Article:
Growing up, Gandhi was shy and an ordinary student, but very rebellious as in his teenage years he would participate in smoking, eating meat, or even stealing change from household servants. When he turned 18 he sailed for London to study Law, Gandhi had a difficult time transitioning to Western Culture as he became committed to a meatless diet eventually joining the committee of the London Vegetarian Society where he started to read a variety of sacred texts about world religions. About 3 years later around 1891, he returned to India and learned that his mother had died weeks earlier. Now he has lost both his parents and is struggling to find work in his home land as he obtains a one-year contract in South Africa about 2 years later.
Quickly after he arrived, Gandhi was blown away by the racial segregation faced upon Indian immigrants in South Africa. In 1894 he formed the Natal Indian Congress to fight discrimination, his contract began to end and he was heading back to India, but learned at a farewell party that a bill before the Natal Legislative Assembly would deprive Indians the right the vote. He took a brief trip to India in late 1896 and returned back to South Africa early 1897 with his wife and two children. Mahatma ran a prosperous legal practice an...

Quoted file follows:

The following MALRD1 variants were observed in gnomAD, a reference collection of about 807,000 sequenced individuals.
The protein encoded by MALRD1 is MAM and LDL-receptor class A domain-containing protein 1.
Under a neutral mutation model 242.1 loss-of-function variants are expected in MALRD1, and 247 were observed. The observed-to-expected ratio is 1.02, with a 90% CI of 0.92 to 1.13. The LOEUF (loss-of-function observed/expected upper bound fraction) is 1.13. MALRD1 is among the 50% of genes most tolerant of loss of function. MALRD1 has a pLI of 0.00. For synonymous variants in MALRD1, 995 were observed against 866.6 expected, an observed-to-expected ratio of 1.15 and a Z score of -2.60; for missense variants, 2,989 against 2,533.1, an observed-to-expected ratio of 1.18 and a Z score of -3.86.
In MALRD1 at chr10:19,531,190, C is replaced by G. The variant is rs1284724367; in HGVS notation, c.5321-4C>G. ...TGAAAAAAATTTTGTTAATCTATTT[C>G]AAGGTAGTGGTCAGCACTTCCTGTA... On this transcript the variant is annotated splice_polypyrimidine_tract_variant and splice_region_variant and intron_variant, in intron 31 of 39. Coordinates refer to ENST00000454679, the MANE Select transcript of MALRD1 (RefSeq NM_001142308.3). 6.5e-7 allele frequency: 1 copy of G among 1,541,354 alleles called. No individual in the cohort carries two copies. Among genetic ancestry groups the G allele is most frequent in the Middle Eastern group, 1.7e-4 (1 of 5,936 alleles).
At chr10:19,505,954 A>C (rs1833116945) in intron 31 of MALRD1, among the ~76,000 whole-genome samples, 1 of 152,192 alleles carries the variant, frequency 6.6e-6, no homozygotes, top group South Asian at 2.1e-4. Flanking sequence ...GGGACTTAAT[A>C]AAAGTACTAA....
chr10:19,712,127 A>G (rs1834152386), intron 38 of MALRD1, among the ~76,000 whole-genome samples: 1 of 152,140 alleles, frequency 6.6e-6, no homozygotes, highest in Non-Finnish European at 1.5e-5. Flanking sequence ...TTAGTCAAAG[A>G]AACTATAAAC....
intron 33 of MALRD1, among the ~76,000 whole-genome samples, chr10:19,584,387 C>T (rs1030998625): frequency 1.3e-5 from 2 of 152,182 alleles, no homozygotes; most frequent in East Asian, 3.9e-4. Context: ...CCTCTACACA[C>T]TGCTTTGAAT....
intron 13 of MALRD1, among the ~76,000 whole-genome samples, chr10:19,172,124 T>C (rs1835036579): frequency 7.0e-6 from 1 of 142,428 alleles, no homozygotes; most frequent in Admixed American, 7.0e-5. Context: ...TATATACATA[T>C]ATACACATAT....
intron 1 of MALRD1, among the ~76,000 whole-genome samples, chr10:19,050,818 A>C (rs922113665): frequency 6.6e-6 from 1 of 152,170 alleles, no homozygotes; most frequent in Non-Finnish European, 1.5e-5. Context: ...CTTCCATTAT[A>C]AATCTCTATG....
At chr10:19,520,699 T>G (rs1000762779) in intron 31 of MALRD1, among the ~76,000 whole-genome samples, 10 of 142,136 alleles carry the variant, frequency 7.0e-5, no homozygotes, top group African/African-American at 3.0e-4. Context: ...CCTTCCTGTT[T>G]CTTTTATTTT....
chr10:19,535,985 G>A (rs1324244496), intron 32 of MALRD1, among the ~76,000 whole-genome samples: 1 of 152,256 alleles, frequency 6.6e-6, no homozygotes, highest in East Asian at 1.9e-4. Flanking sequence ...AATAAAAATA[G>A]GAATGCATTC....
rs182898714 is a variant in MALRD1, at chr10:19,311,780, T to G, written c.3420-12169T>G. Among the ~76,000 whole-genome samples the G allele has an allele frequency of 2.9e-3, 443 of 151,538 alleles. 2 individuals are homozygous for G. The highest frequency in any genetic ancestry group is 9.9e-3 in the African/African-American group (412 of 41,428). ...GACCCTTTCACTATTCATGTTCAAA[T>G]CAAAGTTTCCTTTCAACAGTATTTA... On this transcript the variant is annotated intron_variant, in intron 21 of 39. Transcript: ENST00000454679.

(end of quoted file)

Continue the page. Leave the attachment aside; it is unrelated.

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...an all new low point. Great Britain found itself in World War 2 in 1942, Gandhi launched the “Quit India” movement that called for the immediate British withdrawal from the country. His wife died in his arms in 1944 at 74. Mahatma played an active role in the nation’s negotiations as the final plan was proposed to two independent states along religious lines. Unfortunately in 1948, 78 year old Gandhi was shot three times at point blank range, this act took the life of an extreme pacifist who his spent his entire life practicing non-violence. Gandhi’s passion to non-violence and his belief in a simple way of life has been a beacon of hope for oppressed and marginalized people all over the world. His actions inspired future human rights movements around the globe, including those of Nelson Mandela in South Africa and civil rights leader MLK Jr. in the United States.
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